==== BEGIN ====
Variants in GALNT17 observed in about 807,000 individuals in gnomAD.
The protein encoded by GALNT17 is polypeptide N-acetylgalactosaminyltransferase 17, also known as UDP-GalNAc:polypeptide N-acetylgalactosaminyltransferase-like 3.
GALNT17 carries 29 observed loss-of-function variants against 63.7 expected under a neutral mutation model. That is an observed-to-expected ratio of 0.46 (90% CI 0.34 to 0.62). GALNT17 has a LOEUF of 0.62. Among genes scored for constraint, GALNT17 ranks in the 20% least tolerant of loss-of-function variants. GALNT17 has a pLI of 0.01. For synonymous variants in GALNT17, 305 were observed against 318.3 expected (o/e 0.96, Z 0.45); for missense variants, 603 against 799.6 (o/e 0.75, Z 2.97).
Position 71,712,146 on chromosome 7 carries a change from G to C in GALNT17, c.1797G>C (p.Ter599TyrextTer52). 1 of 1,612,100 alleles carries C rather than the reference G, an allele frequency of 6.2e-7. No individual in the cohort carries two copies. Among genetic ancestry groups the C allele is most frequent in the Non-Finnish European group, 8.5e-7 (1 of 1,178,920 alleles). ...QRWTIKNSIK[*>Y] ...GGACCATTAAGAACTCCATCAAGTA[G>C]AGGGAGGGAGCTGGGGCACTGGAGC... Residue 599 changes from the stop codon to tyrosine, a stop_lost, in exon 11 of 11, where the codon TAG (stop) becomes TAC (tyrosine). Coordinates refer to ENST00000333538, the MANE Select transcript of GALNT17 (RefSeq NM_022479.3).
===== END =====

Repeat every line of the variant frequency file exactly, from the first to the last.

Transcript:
Variants in GALNT17 observed in about 807,000 individuals in gnomAD.
The protein encoded by GALNT17 is polypeptide N-acetylgalactosaminyltransferase 17, also known as UDP-GalNAc:polypeptide N-acetylgalactosaminyltransferase-like 3.
GALNT17 carries 29 observed loss-of-function variants against 63.7 expected under a neutral mutation model. That is an observed-to-expected ratio of 0.46 (90% CI 0.34 to 0.62). GALNT17 has a LOEUF of 0.62. Among genes scored for constraint, GALNT17 ranks in the 20% least tolerant of loss-of-function variants. GALNT17 has a pLI of 0.01. For synonymous variants in GALNT17, 305 were observed against 318.3 expected (o/e 0.96, Z 0.45); for missense variants, 603 against 799.6 (o/e 0.75, Z 2.97).
Position 71,712,146 on chromosome 7 carries a change from G to C in GALNT17, c.1797G>C (p.Ter599TyrextTer52). 1 of 1,612,100 alleles carries C rather than the reference G, an allele frequency of 6.2e-7. No individual in the cohort carries two copies. Among genetic ancestry groups the C allele is most frequent in the Non-Finnish European group, 8.5e-7 (1 of 1,178,920 alleles). ...QRWTIKNSIK[*>Y] ...GGACCATTAAGAACTCCATCAAGTA[G>C]AGGGAGGGAGCTGGGGCACTGGAGC... Residue 599 changes from the stop codon to tyrosine, a stop_lost, in exon 11 of 11, where the codon TAG (stop) becomes TAC (tyrosine). Coordinates refer to ENST00000333538, the MANE Select transcript of GALNT17 (RefSeq NM_022479.3).